The challenge presented to the renewable energy sector for finding qualified candidates is multi-layered. The lack of volume in the market is one thing – that is, the literal number of workers with the right skills, don’t currently exist. As well, transitioning talent from fossil fuel to clean energy roles requires reskilling and upskilling. And this takes time.
There is a positive here though. According to the Clean Energy Council of Australia, although the highly skilled roles require specific training – like power systems engineers – there are also many roles that require lower-level skills. These include electricians, general technicians, and a host of tradespeople including in mechanical and electrical trades, all of which can be sourced from other industries.
Rapid Technological Advancements
The current technologies emerging in the renewable energy sector include advancements in solar power, wind turbine innovations, breakthroughs in energy storage, hydropower, biofuels, and smart grid integrations. These rapid technological advancements are transforming the renewable landscape, helping the shift to sustainable energy sources more achievable and more cost-effective.
Each of these areas calls for a distinct set of skills and expertise. For example, solar energy projects require professionals with an understanding of photovoltaic systems, while wind energy projects require expertise in turbine technology and maintenance. The field is continually evolving with new technological advancements, making it difficult to accurately identify future skills requirements.
To bridge the skills gaps, employers can work with educational institutions and training centres to develop specialised programs that equip individuals with the necessary skills. This could include offering internships, apprenticeships, and scholarships to attract and nurture talent in the renewable energy sector. By investing in the development of future professionals, employers can ensure a sustainable workforce for their projects. And overcome chronic recruitment and retention challenges.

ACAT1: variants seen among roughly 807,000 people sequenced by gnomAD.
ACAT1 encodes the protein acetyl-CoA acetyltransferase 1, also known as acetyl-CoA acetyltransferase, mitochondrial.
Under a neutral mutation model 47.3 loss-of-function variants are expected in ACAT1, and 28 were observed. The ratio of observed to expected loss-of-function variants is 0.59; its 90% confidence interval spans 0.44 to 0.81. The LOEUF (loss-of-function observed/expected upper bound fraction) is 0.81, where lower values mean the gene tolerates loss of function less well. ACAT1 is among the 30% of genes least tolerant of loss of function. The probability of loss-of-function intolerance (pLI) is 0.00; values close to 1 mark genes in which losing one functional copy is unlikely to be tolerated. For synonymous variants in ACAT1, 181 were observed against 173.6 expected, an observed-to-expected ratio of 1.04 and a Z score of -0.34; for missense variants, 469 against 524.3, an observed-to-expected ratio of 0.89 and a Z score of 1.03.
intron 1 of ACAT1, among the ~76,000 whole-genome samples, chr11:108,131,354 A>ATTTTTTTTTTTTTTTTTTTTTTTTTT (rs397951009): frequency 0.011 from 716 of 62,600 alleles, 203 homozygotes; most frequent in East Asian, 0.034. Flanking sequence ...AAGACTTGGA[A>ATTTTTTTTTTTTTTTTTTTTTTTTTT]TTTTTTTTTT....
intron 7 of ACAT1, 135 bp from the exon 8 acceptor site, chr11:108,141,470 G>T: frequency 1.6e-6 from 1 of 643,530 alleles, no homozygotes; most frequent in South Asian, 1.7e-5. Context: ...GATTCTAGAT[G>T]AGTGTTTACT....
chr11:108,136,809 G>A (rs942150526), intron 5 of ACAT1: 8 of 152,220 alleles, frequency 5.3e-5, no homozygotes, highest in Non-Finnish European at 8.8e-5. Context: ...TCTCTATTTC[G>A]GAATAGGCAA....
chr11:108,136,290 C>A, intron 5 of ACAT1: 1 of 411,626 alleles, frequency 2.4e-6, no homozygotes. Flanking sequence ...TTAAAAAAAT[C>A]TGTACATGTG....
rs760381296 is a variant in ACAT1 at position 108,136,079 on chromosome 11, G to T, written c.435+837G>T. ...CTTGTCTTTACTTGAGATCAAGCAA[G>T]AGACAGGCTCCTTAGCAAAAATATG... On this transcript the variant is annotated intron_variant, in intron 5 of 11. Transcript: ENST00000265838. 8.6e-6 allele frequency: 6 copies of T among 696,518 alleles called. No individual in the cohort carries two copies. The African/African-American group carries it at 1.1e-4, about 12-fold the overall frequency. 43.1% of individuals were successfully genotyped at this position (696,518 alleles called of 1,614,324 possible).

Crucially when it comes to technology, staying up to date with the latest and emerging developments is critical for successful workforce planning.
Geographic Constraints in Renewable Projects
Renewable energy projects are often located offshore from a company’s country of origin, or in remote locations. This can pose challenges for recruiting and retaining highly skilled workers.
Remote areas often lack the necessary infrastructure, such as housing and transportation facilities, which can discourage potential candidates from considering job opportunities in these locations. However, there are ways to overcome this limitation. One approach is for employers to offer attractive compensation packages that include benefits such as housing and transportation allowances, as well as relocation assistance. Another option is to provide adequate housing and transportation facilities near project sites, which can incentivise professionals to work in remote areas.
Also, employers can leverage technology to overcome geographical barriers. Remote monitoring and control systems enable real-time management and maintenance of renewable energy projects, reducing the need for on-site workers. This creates opportunities for remote or rotational work, minimising the impact of geographical constraints on professionals.
Another great solution is to engage contingent workers. Tenure limited workers in offshore or remote locations is not only cost-effective for your business, but it also allows you to select from a growing cohort of candidates who are highly skilled and can be sourced from any global location. Therefore, the candidate pool is vast. Their expectation of short-term work, coupled with a willingness to take on well-paid work irrespective of location, is a commercially and strategically sound solution to the industry’s recruitment and retention challenges.
Navigating the Complexities of the Renewable Energy Sector
The complexities of the renewable energy sector are multi-layered and go beyond recruitment and retention challenges. In this section, we’ll look at the main complexities of the sector including regulatory compliance in renewables, talent competition, and the need for a diversity of expertise.
Regulatory Compliance in Renewables
Engaging workers in different jurisdictions presents recruitment and retention challenges related to the different rules of the different countries. And this applies to both contingent workers and employees. Tax considerations by country are varied and changing.
The simplest way to navigate these challenges is to engage an expert in the field of talent sourcing, management, and compliance (like CXC). Coupled with international legal and tax advisors, you will be able to compliantly run global projects without breaching local tax and workforce rules.
The other consideration is this: while government support is crucial across all the relevant jurisdictions of the renewables sector, there is also a need for policy reforms that address the specific challenges faced by renewable energy employers. This would be greatly helped by creating standardised certifications and training programs, establishing clear guidelines for project approval, and promoting collaboration between industry stakeholders, government and educational institutions.